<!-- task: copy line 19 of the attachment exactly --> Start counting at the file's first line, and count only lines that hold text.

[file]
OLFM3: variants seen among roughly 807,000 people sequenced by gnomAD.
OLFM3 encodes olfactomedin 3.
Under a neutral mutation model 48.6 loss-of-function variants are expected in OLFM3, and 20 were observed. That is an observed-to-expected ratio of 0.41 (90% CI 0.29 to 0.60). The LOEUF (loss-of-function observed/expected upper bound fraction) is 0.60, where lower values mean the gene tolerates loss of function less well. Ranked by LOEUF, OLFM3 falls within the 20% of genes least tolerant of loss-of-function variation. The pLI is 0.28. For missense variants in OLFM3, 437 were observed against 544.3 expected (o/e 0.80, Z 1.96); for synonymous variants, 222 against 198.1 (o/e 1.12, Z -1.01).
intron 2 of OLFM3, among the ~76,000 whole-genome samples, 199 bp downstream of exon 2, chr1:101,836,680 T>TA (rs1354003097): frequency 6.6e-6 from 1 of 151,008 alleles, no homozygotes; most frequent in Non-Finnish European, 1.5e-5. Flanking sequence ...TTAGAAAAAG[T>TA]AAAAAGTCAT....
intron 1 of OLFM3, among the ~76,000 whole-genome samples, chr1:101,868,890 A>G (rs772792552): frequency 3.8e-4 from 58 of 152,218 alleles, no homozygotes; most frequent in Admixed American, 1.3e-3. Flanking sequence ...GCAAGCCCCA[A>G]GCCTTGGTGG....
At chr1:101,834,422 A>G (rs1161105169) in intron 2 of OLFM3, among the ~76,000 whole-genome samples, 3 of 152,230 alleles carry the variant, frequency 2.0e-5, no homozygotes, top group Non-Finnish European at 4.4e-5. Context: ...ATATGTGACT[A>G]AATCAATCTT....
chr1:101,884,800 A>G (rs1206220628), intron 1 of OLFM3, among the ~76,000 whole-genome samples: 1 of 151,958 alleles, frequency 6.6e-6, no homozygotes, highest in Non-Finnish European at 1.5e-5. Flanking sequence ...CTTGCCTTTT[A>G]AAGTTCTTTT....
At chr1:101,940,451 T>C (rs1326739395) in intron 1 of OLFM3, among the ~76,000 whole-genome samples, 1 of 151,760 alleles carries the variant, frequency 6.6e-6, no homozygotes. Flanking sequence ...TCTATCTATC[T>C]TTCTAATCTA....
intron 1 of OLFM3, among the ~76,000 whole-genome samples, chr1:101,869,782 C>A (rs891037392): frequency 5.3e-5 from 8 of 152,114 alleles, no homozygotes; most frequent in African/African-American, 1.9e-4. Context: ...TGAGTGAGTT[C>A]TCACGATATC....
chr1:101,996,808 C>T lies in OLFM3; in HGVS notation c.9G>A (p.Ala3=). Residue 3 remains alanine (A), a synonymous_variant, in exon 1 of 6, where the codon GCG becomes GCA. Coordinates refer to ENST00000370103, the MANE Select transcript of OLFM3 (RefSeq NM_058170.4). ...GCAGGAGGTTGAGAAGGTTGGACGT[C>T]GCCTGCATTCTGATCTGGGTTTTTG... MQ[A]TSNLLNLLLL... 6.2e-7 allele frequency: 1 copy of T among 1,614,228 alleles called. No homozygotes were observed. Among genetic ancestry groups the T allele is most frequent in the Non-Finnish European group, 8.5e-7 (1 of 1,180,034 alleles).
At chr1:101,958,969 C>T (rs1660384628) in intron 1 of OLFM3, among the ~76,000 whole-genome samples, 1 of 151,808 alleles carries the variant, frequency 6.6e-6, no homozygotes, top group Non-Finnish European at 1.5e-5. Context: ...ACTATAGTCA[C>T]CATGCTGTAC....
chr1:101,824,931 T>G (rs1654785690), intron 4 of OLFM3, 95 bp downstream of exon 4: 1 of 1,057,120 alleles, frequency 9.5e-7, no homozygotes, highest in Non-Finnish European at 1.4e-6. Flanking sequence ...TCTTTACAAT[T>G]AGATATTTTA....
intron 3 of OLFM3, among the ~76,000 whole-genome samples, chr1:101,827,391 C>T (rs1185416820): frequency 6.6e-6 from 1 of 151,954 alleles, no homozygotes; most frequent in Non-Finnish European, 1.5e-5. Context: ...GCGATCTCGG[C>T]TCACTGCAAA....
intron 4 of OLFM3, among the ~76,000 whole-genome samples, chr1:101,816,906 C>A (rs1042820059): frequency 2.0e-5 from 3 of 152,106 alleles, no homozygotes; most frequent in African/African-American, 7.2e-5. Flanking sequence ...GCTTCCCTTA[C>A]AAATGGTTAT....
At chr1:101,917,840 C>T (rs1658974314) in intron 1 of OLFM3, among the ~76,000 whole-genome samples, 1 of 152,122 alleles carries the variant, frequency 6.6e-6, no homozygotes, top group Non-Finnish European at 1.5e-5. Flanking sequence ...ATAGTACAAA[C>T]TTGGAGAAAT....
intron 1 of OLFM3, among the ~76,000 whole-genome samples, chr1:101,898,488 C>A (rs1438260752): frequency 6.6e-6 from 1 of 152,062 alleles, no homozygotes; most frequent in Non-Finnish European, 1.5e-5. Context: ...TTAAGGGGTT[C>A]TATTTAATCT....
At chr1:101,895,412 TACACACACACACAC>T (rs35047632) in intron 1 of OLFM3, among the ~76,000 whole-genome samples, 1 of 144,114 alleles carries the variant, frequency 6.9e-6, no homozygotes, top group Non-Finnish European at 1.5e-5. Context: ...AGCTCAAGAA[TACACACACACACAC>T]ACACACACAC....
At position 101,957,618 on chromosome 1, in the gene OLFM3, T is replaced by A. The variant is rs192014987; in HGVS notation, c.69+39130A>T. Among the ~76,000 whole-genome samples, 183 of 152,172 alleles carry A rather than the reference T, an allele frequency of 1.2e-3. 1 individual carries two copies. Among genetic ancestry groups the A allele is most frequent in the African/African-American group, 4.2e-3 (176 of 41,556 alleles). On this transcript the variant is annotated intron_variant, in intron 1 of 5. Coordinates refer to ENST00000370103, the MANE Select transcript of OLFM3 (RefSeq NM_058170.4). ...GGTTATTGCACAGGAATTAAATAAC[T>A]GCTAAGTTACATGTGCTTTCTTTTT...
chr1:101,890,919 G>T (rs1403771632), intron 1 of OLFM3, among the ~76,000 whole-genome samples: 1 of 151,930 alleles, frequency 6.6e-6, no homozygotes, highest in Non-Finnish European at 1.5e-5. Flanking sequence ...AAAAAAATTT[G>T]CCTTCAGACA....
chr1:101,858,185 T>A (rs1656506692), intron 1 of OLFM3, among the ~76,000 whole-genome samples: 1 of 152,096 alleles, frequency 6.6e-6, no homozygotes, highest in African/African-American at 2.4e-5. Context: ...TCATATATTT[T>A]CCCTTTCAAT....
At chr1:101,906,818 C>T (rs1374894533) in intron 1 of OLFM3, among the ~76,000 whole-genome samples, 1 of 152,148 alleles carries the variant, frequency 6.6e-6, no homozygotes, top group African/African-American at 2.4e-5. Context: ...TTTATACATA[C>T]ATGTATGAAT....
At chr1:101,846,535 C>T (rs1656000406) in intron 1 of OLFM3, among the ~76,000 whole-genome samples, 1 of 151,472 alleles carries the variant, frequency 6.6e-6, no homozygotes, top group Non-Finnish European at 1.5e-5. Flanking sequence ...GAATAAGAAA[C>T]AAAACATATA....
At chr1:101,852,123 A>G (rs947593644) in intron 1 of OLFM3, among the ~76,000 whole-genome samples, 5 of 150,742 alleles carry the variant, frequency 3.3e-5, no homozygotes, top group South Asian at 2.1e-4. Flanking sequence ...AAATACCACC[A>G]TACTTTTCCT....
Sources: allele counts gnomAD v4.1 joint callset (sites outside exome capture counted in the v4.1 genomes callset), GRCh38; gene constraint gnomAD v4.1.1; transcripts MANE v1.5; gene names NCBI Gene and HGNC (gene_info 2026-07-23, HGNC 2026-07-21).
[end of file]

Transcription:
chr1:101,890,919 G>T (rs1403771632), intron 1 of OLFM3, among the ~76,000 whole-genome samples: 1 of 151,930 alleles, frequency 6.6e-6, no homozygotes, highest in Non-Finnish European at 1.5e-5. Flanking sequence ...AAAAAAATTT[G>T]CCTTCAGACA....